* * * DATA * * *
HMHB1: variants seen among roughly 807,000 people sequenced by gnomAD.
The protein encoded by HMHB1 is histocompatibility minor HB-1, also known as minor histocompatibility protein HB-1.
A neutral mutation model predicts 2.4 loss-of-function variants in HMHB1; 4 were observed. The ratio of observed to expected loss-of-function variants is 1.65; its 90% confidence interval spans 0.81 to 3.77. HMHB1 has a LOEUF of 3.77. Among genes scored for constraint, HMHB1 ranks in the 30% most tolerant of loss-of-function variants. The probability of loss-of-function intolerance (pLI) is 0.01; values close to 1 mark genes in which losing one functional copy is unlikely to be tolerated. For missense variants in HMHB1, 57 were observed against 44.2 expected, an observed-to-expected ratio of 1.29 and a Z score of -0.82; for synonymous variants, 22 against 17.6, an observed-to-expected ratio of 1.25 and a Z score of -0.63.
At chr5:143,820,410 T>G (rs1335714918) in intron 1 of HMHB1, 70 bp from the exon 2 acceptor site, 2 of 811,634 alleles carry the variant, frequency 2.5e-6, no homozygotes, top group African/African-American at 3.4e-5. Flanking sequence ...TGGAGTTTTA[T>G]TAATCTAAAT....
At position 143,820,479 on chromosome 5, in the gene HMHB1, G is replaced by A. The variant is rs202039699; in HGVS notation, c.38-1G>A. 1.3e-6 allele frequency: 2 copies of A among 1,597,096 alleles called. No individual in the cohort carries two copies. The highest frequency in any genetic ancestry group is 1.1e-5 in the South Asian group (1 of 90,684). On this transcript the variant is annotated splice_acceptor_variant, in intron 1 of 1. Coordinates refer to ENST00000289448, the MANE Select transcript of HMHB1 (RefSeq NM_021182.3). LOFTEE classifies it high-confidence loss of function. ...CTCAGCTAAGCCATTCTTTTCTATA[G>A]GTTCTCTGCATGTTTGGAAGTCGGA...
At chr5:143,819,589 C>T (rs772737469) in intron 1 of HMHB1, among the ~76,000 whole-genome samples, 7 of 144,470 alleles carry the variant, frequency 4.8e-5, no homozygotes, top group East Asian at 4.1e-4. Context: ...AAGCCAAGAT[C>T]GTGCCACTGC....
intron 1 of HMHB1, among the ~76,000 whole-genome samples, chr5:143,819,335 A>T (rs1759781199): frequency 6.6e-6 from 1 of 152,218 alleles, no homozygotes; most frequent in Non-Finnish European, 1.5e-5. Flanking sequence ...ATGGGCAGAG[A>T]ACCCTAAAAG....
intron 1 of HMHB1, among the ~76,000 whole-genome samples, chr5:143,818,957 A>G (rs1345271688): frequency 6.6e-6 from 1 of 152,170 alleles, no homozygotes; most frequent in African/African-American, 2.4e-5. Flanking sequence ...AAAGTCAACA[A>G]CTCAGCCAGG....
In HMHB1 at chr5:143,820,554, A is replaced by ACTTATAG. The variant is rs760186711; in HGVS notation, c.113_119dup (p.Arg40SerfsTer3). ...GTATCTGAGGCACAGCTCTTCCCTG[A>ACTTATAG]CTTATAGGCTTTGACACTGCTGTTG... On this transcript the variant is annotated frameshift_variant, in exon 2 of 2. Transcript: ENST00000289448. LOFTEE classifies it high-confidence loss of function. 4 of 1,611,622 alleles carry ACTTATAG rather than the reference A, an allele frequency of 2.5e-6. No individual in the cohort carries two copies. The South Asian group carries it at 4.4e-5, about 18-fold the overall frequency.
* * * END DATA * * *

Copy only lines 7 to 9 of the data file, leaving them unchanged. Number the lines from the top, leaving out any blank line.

intron 1 of HMHB1, among the ~76,000 whole-genome samples, chr5:143,819,335 A>T (rs1759781199): frequency 6.6e-6 from 1 of 152,218 alleles, no homozygotes; most frequent in Non-Finnish European, 1.5e-5. Flanking sequence ...ATGGGCAGAG[A>T]ACCCTAAAAG....
intron 1 of HMHB1, among the ~76,000 whole-genome samples, chr5:143,818,957 A>G (rs1345271688): frequency 6.6e-6 from 1 of 152,170 alleles, no homozygotes; most frequent in African/African-American, 2.4e-5. Flanking sequence ...AAAGTCAACA[A>G]CTCAGCCAGG....
In HMHB1 at chr5:143,820,554, A is replaced by ACTTATAG. The variant is rs760186711; in HGVS notation, c.113_119dup (p.Arg40SerfsTer3). ...GTATCTGAGGCACAGCTCTTCCCTG[A>ACTTATAG]CTTATAGGCTTTGACACTGCTGTTG... On this transcript the variant is annotated frameshift_variant, in exon 2 of 2. Transcript: ENST00000289448. LOFTEE classifies it high-confidence loss of function. 4 of 1,611,622 alleles carry ACTTATAG rather than the reference A, an allele frequency of 2.5e-6. No individual in the cohort carries two copies. The South Asian group carries it at 4.4e-5, about 18-fold the overall frequency.